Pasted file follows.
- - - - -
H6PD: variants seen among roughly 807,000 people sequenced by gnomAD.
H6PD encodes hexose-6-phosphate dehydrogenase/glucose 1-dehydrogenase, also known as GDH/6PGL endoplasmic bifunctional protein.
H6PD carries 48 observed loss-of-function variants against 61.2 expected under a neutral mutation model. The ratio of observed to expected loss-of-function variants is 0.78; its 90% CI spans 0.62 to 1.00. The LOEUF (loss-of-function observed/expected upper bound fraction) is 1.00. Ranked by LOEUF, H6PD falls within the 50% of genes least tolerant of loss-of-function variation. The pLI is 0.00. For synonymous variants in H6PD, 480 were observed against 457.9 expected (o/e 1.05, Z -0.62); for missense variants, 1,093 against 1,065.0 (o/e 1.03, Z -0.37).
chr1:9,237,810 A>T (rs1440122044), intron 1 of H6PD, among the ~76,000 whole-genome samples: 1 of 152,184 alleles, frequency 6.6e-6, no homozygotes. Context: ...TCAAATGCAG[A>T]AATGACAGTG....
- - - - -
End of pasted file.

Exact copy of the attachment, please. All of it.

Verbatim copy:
H6PD: variants seen among roughly 807,000 people sequenced by gnomAD.
H6PD encodes hexose-6-phosphate dehydrogenase/glucose 1-dehydrogenase, also known as GDH/6PGL endoplasmic bifunctional protein.
H6PD carries 48 observed loss-of-function variants against 61.2 expected under a neutral mutation model. The ratio of observed to expected loss-of-function variants is 0.78; its 90% CI spans 0.62 to 1.00. The LOEUF (loss-of-function observed/expected upper bound fraction) is 1.00. Ranked by LOEUF, H6PD falls within the 50% of genes least tolerant of loss-of-function variation. The pLI is 0.00. For synonymous variants in H6PD, 480 were observed against 457.9 expected (o/e 1.05, Z -0.62); for missense variants, 1,093 against 1,065.0 (o/e 1.03, Z -0.37).
chr1:9,237,810 A>T (rs1440122044), intron 1 of H6PD, among the ~76,000 whole-genome samples: 1 of 152,184 alleles, frequency 6.6e-6, no homozygotes. Context: ...TCAAATGCAG[A>T]AATGACAGTG....